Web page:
You want to show them that their focus shouldn't just be based on cost, they should focus on the value they receive from your service.

Price yourself according to value, not just what the competition is doing

Problem: Your competitors can see how much you're charging

If you have priced yourself according to the value you deliver (ie. the things mentioned above such as how it makes your customer feel and how you're improving their life etc.), rather than purely based on what your competitors are doing, then it really doesn't matter whether your competition see or not!

Numbers on a page are easy to copy, but delivering true value and having confidence in what you are offering are not.

Create 'packages' and set parameters

Problem: You are committed to that price no matter who the client is

There are a few ways to tackle this problem, firstly being that you could display a price range on your website (eg. 'Wedding photography services = between £1500 to £2000'). In which case for higher demands you can quote higher in the range, however, it still gives you a ceiling of what you can charge them.

The other solution is creating set price 'packages' (eg. 'Wedding photography 1/2 day = £1300', 'Wedding photography full day = £1800') and be very clear exactly what is included in each package. This manages expectations, and you can always add a note that you're happy to quote for more complex needs, therefore not limiting the amount you can charge clients who want extra!

Create a variety of pricing 'levels'

Problem: If you price yourself too high or too low, it's harder to adjust

First of all, there's nothing wrong with having to adjust your prices because they're not working for you. Whether that means bumping them up, or knocking them down; we all make mistakes and learn from them!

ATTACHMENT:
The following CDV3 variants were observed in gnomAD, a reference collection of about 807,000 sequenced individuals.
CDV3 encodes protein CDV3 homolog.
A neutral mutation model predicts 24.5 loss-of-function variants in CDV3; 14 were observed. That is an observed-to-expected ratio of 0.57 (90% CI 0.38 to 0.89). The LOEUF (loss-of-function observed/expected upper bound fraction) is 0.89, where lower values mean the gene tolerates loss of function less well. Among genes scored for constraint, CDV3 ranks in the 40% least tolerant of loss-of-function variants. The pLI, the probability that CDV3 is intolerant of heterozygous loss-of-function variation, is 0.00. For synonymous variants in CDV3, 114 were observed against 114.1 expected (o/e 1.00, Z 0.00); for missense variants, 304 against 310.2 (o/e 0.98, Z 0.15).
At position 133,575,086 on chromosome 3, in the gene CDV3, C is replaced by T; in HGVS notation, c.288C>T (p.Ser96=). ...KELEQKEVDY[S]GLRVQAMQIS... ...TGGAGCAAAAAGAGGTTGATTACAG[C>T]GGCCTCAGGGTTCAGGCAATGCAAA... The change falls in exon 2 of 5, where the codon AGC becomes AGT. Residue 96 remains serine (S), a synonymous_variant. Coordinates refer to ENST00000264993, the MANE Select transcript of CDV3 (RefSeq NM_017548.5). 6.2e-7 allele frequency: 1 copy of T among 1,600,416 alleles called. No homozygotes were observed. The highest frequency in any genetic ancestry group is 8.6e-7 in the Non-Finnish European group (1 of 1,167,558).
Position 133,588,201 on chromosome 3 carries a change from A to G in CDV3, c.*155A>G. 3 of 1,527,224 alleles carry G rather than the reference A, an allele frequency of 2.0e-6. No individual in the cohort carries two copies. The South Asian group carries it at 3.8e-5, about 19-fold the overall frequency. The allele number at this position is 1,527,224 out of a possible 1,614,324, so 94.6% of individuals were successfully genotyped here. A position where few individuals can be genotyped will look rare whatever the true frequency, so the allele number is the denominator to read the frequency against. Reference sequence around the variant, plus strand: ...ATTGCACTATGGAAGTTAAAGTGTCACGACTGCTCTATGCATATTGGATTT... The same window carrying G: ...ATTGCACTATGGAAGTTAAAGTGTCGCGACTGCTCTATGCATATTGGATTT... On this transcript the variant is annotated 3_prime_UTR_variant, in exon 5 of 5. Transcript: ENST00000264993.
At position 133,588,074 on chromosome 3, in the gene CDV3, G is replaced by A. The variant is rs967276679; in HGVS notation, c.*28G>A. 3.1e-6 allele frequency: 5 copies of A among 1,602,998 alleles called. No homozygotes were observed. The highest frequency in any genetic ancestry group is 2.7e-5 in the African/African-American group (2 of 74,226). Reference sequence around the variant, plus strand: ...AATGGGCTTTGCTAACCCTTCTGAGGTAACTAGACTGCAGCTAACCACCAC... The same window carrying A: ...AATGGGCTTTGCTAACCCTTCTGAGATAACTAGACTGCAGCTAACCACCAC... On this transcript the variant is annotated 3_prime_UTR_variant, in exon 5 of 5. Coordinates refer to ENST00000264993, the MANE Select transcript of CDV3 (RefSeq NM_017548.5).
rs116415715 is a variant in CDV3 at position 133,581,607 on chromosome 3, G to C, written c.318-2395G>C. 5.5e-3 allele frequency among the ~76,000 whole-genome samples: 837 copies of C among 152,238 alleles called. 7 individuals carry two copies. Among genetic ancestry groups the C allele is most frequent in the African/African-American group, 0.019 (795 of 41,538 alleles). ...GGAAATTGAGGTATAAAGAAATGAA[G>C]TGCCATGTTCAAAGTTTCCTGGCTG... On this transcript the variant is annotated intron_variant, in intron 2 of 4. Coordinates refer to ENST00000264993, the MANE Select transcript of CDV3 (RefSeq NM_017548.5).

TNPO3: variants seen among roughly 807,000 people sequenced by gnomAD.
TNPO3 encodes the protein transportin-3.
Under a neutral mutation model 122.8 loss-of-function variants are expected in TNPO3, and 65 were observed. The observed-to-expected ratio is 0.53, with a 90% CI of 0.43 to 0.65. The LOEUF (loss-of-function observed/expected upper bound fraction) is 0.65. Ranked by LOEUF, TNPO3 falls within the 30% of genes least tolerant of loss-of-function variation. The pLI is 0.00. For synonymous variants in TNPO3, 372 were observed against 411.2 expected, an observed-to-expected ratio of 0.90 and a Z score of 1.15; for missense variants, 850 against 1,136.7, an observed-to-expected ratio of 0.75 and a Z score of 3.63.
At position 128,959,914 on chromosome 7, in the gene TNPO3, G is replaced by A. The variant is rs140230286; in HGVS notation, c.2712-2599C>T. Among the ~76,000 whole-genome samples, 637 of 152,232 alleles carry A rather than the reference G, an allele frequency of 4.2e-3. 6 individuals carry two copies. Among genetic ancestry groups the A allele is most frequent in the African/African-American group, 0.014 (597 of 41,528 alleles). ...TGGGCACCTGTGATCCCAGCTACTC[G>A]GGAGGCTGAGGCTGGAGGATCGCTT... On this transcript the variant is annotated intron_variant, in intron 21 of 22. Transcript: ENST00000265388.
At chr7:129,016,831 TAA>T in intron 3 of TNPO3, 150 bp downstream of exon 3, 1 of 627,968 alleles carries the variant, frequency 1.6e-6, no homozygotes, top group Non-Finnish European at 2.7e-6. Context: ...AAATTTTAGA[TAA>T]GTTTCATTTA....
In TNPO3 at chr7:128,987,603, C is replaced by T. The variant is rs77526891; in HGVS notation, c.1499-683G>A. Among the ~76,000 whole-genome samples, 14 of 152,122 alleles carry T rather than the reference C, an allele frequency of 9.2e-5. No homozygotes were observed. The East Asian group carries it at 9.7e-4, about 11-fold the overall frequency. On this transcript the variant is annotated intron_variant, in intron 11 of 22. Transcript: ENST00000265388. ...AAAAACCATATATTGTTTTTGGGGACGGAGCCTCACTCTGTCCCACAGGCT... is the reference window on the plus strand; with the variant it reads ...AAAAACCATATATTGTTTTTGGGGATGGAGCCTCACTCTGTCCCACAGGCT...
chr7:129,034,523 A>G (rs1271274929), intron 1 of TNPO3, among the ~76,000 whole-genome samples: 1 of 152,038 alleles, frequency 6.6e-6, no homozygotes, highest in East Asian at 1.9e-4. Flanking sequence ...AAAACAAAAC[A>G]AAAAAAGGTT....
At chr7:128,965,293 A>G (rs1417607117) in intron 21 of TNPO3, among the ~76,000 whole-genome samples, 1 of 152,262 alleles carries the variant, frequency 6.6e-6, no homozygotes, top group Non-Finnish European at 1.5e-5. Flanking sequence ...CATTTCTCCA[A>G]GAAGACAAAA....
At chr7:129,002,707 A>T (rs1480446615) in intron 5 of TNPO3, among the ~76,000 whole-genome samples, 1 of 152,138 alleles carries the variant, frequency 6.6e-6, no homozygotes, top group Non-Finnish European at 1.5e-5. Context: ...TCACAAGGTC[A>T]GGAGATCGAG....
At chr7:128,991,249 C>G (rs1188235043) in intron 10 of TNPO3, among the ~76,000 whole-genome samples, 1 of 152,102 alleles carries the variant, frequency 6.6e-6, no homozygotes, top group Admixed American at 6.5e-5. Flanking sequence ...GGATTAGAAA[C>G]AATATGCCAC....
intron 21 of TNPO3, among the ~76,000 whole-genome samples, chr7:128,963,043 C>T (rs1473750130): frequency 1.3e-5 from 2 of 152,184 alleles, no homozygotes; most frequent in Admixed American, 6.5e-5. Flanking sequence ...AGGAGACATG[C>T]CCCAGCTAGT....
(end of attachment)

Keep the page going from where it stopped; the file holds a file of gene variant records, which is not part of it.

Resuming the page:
However, to avoid the risk of having clients take a quick look at what you offer and think 'nope too expensive', it's a good idea to offer several different levels of investment for them to choose from.

For example the wedding photographer might have three tiers for her services:

  • 'Ceremony only = £800'
  • 'Wedding 1/2 day = £1300'
  • 'Wedding full day = £1800'

And likewise with my own website design services, I offer three different options:

  • 'Pre-launch package = £150'
  • 'Starter package = £400'
  • 'Premium package = £650'

Having a tiered approach to your pricing, or varying commitments, is a great way to get people on board who may not have been able to afford you otherwise. You can always 'upsell' to them at a later date! 

And you don't necessarily have to worry about everyone going with your cheapest option and you making less money than you hoped. Psychologically speaking, people are more likely to choose your mid-range option, because it's not too expensive and not too cheap, so has the best perceived value. This is called the 'center stage effect'.


Other Considerations...

Are your services completely bespoke?

If you tailor your services to each individual client and your delivery is very different each time, then it may not be possible at all to set a fixed price or even a price range on your website.

This is often true for many event planners, for example. Each event is so different and the final price is based on a number of different variables that will never be the same each time, so usually these companies will provide custom quotes rather than display set prices.

Is cost a consideration at all for your clients?

It may be that you have a strong reputation, years of experience and referrals, so people will be willing to pay whatever you will quote them, because they know that you're 100% worth it. What an amazing place to be in!

Or it could be that money simply isn't an object for your customers, as is often the case with extremely high end services and client bases. It wouldn't matter to them what you cost, so why bother putting it up on your site?


Why do you display (or not display) your prices online?